Where Is the Black Vote?
Johnson: If you want to talk to someone who knows about what is going on in the black political community, you’ll want to talk to Rachel Noerdlinger. She’s a managing director of Mercury – a public strategy firm. She’s worked with Al Sharpton and was the former chief of staff for New York City’s first lady Chirlane McCray, She’s also the founder of the Black Votes Matter Political Action Committee or PAC – it’s an organization she recently started with the help of several Democratic political strategists.
Noerdlinger1: We literally just launched. What we are doing now is a lot of fundraising for black press, raising money for organizations that get the black vote out, civil rights groups, black clergy and black millennials who are voicing more of an active role.
Johnson: Noerdlinger says part of what got black voters to the polls in the last two elections was Barack Obama was on the ticket.
Noerdlinger.wav2: The question now is without a Barack Obama in the race, will black folks turn out and vote?
Johnson: The Black Votes Matter group is spending most of their money on buying Ads in places black voters will see them. The focus? Issues like raising the minimum wage, criminal justice reform, ending racial profiling, education initiatives, and paid family leave. She’s says the challenge is to remind the black voters there is a lot at stake.
Noerdlinger4: We have a Supreme Court nominee that we need to put into office. We’re at a point where we can lose affirmative action, we can lose abortion rights, we can lose so many voting rights…
Johnson: James Taylor teaches political science and African-American studies at the University of San Francisco. He says there are some barriers to getting black voters to the polls – reasons like complicated voter registration laws,general political apathy and no formal civic political education. So getting the black voters to the polls is one thing, but figuring out who they will vote for is another.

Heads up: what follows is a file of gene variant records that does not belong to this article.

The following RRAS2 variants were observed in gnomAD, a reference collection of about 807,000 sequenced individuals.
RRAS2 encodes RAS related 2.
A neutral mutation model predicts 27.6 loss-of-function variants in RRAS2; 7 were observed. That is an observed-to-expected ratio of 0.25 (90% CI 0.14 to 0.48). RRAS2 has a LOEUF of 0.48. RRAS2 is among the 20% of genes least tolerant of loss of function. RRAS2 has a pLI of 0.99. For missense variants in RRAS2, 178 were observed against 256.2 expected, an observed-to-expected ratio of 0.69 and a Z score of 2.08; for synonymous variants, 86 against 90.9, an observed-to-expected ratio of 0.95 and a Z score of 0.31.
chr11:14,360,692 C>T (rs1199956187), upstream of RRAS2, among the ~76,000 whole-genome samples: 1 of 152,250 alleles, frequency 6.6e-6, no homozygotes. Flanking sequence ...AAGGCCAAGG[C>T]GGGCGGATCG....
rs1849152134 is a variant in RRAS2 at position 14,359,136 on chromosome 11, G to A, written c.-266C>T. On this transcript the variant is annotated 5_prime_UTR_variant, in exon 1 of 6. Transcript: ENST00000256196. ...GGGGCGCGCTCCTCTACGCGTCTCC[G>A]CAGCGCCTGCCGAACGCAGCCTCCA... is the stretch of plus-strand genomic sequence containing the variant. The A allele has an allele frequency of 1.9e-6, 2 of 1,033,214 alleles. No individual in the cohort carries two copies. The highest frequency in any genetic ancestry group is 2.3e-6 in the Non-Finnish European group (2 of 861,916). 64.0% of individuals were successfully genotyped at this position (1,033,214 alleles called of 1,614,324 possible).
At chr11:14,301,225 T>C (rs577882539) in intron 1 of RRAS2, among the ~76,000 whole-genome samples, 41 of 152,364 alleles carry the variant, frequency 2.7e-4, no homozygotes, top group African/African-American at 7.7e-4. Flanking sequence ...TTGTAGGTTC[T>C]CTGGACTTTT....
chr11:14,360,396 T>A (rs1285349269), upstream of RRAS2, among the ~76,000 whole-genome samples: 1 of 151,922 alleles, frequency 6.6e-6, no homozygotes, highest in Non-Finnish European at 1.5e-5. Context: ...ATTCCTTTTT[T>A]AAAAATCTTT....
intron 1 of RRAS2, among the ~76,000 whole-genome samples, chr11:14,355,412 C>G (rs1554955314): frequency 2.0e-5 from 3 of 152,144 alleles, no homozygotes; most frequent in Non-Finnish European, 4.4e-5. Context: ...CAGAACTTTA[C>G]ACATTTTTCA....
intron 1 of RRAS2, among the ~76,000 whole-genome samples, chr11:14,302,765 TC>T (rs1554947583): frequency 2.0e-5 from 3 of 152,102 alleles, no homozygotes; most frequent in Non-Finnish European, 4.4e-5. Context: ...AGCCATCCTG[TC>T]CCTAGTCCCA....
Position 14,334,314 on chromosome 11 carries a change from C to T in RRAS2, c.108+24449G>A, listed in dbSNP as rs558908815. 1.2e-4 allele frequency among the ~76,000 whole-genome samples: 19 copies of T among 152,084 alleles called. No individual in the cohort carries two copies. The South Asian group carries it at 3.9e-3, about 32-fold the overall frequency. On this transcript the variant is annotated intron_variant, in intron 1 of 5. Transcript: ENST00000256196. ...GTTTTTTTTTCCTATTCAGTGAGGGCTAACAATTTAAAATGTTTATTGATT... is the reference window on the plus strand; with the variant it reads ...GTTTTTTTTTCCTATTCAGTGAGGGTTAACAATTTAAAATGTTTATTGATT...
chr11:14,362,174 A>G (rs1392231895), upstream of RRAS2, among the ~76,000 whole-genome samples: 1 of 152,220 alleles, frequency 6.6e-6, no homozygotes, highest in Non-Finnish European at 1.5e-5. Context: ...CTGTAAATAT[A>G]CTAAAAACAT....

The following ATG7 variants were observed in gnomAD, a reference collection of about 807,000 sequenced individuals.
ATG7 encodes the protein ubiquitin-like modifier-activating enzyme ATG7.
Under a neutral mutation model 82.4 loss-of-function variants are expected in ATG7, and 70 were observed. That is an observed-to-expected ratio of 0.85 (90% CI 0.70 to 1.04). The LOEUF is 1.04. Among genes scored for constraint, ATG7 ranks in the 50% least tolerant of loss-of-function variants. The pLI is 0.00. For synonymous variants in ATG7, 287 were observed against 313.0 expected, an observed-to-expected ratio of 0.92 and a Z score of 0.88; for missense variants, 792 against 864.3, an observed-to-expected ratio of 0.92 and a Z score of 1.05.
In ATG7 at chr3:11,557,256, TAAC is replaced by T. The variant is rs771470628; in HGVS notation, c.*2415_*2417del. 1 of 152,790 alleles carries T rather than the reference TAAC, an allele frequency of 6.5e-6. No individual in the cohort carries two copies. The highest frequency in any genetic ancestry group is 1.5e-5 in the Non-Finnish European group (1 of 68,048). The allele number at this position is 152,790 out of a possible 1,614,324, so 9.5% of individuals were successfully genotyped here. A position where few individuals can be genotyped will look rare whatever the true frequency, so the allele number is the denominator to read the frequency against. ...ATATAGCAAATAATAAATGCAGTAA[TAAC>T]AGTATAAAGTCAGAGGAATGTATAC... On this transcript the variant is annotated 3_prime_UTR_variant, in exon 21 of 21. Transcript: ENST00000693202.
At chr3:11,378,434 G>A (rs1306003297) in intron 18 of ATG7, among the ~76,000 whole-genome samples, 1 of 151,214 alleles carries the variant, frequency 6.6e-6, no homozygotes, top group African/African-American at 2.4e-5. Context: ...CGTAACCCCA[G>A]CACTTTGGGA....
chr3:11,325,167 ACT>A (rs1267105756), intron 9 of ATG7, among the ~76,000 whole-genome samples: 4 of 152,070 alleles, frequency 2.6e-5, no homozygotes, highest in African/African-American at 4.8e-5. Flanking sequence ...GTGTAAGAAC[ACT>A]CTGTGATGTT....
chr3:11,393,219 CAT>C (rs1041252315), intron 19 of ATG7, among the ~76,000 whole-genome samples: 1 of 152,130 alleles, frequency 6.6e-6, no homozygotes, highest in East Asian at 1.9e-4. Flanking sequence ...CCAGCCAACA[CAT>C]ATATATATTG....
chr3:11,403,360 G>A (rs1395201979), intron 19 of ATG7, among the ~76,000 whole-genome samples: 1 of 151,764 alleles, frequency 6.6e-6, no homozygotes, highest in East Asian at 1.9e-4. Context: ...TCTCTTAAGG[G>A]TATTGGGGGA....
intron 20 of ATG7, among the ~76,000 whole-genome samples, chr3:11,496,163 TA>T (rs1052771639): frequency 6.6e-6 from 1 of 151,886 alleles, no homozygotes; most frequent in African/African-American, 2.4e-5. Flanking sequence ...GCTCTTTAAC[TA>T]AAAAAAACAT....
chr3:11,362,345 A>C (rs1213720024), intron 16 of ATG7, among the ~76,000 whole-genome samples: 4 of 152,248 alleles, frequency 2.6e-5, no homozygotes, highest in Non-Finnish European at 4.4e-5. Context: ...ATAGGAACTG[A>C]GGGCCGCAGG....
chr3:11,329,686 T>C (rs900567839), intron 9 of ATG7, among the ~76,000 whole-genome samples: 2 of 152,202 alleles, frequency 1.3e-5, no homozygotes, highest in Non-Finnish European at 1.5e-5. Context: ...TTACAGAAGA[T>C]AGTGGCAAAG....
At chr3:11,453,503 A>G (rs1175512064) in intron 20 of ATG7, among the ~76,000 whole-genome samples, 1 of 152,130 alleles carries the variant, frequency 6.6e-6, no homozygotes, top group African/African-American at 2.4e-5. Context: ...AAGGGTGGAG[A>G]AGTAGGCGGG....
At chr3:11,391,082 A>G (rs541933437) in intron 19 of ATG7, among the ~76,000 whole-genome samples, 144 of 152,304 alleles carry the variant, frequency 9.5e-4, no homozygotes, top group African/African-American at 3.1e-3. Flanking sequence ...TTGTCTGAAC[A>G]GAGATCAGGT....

Taylor 1: The black vote is not one-dimensional. Younger people, the so called millennials, are definitely more responsive of Bernie Sanders in general but they have also supported Hillary Clinton against Bernie Sanders in all of the contests that she’s won.
Johnson: Mark Sawyer teaches Political Science & African – American Studies at UCLA. He says without a Barack Obama on the ballot, it’s likely some black voters will sit out the primary. Historically black voters have largely voted for Democrats. So, what might get them to the polls most is…..
Sawyer 1: I am assuming that the likelihood of Trump or Cruz candidacy will push black turnout in the general election.
Johnson: Sawyer says with seven months left…there’s still time…
Sawyer 2: Black voters their looking at their options and I think they will be mobilized and show up for the general.
Johnson: They’ll have until November 8th.
Jaki Johnson, Columbia Radio News.